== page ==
Rat poison is contaminating endangered northern spotted owls in California forests, and marijuana farms appear to be to blame, according to a study published Thursday.
The study published in the journal Avian Conservation and Ecology focused on owls in Northern California’s Humboldt, Mendocino and Del Norte counties, part of the so-called Emerald Triangle, where remote farms — many in old-growth forests — produce much of the marijuana grown for the U.S. black market.
Researchers from the University of California, Davis, and the California Academy of Sciences tested 10 northern spotted owls found dead in the region. Seven of the endangered owls tested positive for rat poison, used by pot farmers to keep rodents away from their irrigation systems and crops.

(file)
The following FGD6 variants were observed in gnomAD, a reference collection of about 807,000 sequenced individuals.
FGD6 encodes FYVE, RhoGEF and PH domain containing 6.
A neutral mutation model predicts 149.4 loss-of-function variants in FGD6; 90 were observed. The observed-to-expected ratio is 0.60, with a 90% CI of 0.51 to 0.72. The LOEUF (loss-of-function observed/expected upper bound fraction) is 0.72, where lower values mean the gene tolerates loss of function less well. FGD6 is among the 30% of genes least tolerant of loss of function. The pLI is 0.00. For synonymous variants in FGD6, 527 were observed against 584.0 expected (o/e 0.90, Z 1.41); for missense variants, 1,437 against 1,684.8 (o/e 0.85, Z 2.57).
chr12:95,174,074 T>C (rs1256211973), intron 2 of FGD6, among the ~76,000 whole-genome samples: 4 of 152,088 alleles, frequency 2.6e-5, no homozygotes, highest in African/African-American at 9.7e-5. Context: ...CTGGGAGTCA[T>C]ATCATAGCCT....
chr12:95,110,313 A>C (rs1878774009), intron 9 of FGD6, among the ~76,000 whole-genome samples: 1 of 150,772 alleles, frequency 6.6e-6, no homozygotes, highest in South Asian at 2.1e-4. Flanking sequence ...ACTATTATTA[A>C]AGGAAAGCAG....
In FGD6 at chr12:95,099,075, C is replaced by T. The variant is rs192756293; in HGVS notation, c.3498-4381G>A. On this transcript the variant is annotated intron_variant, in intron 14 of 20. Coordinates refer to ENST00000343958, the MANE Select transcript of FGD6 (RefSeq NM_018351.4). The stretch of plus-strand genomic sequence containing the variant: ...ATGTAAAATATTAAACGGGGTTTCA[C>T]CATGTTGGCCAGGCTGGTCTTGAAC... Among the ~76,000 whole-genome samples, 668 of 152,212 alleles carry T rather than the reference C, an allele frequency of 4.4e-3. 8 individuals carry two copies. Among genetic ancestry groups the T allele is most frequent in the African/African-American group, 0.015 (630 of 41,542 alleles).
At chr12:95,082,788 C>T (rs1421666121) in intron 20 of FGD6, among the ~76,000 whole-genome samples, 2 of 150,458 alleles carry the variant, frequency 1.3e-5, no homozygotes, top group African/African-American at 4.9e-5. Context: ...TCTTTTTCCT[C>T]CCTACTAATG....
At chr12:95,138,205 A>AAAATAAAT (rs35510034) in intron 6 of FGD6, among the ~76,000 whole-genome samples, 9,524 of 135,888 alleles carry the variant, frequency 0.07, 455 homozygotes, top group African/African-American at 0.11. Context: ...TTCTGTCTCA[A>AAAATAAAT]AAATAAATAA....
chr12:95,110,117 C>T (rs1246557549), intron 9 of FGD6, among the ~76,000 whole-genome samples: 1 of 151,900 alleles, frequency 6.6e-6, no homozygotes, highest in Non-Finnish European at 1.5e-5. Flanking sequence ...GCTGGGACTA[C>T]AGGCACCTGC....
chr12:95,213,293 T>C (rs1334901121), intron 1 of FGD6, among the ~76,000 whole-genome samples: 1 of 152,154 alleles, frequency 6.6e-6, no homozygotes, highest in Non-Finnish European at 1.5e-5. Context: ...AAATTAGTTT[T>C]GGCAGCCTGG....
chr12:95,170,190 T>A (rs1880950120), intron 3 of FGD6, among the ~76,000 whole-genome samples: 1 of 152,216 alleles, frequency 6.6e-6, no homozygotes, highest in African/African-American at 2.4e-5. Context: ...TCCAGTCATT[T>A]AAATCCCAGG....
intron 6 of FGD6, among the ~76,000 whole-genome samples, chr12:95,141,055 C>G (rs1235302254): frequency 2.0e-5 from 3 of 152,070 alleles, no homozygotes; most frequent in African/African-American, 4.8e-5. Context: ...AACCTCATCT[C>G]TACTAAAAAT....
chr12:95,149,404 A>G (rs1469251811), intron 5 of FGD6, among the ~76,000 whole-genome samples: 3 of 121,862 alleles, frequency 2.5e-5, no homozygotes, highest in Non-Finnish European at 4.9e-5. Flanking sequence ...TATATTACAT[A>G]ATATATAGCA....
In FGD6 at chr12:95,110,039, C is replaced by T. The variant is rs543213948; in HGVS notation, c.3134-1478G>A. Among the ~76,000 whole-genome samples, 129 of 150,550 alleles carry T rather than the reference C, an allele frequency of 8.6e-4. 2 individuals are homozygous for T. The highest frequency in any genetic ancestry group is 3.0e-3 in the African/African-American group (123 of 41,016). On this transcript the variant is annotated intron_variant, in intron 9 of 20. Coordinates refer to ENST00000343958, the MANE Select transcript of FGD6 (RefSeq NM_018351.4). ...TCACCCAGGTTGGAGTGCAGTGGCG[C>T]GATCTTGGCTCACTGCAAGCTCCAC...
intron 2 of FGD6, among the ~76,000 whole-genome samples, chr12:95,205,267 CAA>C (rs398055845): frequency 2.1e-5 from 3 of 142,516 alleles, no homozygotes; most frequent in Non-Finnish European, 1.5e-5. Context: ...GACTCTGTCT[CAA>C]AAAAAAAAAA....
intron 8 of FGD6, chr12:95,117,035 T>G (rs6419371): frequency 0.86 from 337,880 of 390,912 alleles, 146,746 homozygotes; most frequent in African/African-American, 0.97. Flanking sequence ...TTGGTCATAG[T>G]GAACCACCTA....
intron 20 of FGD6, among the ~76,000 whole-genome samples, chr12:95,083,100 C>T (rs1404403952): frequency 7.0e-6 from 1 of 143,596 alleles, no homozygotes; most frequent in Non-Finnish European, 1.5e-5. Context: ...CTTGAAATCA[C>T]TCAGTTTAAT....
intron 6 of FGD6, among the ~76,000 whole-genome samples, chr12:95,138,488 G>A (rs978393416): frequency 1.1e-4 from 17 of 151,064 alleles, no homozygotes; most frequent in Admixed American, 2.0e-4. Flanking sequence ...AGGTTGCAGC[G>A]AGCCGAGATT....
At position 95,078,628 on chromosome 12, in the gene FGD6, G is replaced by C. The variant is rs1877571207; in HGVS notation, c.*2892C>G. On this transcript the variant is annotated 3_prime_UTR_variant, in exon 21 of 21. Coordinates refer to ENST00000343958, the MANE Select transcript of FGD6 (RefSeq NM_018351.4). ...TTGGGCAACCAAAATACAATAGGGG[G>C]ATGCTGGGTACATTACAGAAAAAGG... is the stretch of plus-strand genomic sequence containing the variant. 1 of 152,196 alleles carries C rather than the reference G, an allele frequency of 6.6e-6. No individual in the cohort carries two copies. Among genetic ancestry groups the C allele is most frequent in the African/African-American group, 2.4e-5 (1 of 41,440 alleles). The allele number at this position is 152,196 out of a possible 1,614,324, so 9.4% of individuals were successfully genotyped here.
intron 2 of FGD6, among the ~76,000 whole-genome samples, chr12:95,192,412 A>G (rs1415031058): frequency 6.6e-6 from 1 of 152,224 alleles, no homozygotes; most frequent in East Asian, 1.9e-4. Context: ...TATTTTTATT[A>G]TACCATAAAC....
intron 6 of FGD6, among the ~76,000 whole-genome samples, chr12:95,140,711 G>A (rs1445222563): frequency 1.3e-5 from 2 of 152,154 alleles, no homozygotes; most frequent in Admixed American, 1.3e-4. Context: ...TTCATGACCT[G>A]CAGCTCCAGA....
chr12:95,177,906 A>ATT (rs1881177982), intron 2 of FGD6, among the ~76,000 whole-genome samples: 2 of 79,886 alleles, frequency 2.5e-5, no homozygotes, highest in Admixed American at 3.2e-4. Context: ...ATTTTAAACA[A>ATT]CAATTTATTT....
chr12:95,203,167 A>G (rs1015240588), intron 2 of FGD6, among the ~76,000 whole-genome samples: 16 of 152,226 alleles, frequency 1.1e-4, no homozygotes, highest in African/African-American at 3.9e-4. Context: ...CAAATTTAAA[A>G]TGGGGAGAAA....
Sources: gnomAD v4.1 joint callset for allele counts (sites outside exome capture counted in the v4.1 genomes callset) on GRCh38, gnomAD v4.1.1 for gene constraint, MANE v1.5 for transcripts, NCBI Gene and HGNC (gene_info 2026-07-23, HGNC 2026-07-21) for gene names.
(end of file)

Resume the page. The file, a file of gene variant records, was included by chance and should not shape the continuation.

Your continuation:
Forty percent of another species, barred owls, also tested positive for the rat poison.
Tissue samples of the barred owls were provided by researchers carrying out a different study, the scientists said. The species, originally from the U.S. East, are considered an invasive species in the Northwest and a threat to spotted owls.
Study lead author Mourad Gabriel earlier carried out similar research linking rat poison used by clandestine marijuana farms to the deaths of endangered fishers, a weasel-like forest predator.
Gabriel says he’s concerned that the poisoning of wildlife will increase now that recreational marijuana is legal in California, potentially driving the proliferation of pot farms.
California officials argue that legalization will allow them to increase oversight and regulation of cannabis farms in fragile forests.